Academic journal article Journal of Accountancy

Hiring-Smarts. (Golden Business Ideas)

Academic journal article Journal of Accountancy

Hiring-Smarts. (Golden Business Ideas)

Article excerpt

Ask CEOs at top-rated companies what they look for in a new management hire and their list will include these traits: confident, independent-thinking, MBA and graduated at the top of his or her class from a first-tier business school. They want a brilliant, self-assured person who not only thinks outside the box but is even somewhat unconventional--in other words, a star.

Since that's the hiring (and promotion) criteria these days, consider this question: If many of your star managers focus on thinking outside the box and independently rather than toiling as conventional team players, isn't there a danger that nobody is supporting the box and it just may collapse? If all that intellectual energy is devoted to thinking outside the existing management structure, maybe no one will even notice the box is broken and needs fixing.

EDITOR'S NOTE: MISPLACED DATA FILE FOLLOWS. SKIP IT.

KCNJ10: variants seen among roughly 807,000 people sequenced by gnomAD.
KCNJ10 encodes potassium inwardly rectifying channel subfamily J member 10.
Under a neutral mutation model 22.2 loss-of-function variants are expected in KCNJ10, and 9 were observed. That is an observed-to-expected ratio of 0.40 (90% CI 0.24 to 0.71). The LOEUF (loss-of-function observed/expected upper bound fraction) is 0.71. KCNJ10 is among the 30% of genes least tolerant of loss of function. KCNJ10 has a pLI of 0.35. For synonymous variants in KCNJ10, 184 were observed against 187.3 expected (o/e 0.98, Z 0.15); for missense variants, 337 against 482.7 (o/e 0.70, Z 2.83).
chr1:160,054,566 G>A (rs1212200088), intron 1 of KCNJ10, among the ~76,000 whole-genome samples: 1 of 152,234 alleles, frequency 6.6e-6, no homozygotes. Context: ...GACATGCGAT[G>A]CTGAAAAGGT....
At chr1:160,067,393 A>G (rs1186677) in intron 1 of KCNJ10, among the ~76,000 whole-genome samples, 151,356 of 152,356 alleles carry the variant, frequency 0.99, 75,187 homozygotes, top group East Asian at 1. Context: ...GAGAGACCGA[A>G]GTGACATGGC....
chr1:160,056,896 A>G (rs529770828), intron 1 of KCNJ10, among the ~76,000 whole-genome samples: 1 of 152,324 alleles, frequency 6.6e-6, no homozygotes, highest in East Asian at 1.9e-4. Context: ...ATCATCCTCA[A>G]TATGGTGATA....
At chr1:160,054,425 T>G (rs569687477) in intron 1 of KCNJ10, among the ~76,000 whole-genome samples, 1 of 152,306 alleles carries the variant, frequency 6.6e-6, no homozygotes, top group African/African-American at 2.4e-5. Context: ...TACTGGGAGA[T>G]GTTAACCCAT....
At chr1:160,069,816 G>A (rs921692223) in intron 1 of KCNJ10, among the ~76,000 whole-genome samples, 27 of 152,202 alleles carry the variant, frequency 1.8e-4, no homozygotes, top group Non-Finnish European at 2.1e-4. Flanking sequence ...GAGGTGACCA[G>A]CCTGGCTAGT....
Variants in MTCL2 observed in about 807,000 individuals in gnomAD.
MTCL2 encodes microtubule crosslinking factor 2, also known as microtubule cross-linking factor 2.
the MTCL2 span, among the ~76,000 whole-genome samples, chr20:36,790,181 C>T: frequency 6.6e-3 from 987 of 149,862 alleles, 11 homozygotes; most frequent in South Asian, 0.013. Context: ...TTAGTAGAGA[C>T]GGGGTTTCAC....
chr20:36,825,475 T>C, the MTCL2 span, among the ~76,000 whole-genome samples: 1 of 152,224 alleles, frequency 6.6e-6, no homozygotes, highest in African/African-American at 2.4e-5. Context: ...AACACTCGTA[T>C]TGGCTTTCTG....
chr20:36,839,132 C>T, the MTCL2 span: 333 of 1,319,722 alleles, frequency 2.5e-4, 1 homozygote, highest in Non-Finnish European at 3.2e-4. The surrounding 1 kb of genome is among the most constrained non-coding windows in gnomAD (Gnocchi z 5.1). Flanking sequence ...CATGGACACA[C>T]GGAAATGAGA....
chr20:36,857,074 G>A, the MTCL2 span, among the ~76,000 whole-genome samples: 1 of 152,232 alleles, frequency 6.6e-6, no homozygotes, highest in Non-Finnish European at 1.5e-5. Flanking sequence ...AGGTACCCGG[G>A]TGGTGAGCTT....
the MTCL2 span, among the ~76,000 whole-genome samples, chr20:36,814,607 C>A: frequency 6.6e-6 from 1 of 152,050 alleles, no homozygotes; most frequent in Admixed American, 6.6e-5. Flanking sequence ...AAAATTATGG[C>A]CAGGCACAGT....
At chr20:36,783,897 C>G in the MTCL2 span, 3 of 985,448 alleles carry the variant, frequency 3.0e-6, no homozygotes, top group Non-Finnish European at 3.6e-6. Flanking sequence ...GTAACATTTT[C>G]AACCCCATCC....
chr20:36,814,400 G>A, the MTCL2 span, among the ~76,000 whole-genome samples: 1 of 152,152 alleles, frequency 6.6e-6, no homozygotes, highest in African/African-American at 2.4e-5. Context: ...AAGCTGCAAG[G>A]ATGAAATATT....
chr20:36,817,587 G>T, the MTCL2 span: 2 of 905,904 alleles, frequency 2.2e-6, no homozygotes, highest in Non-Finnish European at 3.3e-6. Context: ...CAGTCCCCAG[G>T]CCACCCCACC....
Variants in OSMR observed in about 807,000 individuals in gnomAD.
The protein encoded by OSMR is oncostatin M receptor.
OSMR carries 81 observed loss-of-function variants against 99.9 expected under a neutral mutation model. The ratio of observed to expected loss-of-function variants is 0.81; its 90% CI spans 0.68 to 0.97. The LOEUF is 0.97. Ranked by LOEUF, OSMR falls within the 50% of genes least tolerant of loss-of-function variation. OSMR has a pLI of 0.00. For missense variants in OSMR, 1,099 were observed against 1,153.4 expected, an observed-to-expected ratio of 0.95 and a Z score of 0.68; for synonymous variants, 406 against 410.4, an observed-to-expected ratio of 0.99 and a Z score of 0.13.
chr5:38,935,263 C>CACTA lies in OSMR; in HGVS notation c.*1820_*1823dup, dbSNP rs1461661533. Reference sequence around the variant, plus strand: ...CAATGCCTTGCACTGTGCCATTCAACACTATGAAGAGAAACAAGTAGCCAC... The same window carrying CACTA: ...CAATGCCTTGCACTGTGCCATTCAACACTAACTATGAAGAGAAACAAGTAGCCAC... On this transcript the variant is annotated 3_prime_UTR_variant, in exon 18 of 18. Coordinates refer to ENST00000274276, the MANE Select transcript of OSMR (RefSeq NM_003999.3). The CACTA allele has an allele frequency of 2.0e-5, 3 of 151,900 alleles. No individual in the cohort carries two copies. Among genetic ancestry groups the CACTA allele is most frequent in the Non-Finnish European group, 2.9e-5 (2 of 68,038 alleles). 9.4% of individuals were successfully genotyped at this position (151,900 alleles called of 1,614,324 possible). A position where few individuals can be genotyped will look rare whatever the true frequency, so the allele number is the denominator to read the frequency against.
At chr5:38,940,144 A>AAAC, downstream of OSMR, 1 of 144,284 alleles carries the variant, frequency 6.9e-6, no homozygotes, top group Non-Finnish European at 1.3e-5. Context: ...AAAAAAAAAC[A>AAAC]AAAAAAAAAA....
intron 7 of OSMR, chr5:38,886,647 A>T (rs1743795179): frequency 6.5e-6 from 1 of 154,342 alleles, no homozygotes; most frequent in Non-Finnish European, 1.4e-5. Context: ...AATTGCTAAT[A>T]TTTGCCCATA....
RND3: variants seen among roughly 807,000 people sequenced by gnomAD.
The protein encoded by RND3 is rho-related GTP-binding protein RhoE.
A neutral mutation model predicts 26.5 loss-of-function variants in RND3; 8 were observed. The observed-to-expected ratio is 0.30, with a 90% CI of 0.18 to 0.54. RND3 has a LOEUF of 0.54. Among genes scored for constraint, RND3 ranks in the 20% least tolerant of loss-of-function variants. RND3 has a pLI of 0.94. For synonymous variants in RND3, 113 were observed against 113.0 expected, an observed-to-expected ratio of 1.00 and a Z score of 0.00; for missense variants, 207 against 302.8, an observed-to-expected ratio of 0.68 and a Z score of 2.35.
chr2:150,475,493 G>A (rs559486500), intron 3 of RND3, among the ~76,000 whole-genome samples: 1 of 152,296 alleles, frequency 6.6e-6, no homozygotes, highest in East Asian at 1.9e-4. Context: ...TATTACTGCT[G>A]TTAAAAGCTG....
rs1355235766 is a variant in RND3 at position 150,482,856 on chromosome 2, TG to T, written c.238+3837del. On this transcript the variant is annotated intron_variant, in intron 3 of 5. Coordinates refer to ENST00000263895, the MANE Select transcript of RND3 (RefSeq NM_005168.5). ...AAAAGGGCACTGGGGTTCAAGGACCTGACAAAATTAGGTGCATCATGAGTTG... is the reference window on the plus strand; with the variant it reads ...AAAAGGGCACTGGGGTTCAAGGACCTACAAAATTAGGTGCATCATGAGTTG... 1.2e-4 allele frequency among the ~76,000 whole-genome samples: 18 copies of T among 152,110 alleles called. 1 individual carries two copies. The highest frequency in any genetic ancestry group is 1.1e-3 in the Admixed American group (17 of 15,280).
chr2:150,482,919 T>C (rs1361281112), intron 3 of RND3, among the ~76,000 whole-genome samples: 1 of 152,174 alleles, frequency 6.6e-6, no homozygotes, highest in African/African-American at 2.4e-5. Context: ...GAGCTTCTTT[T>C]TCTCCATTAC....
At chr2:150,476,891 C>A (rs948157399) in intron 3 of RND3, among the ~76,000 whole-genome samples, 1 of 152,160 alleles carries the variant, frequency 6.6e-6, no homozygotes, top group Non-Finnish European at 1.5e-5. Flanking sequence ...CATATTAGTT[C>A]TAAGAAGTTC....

As we struggle through difficult economic times and the collapse of the dot-com, warp-speed mentality, that's the question some perceptive top managers are asking not only themselves but the highly paid consultants who helped shape their original thinking.

To be sure, not everyone agrees. Procter & Gamble (P&G) is a case in point. There is no star culture in this toothpaste and soap company. Managers are not lured to New York City, Chicago or San Francisco, where we're told all the talented people migrate, but to quiet and solid Cincinnati. Its current CEO did not graduate at the top of a Harvard class: He served in the Navy and started at P&G as an assistant brand manager, working his way up the corporate ladder slowly and diligently. …

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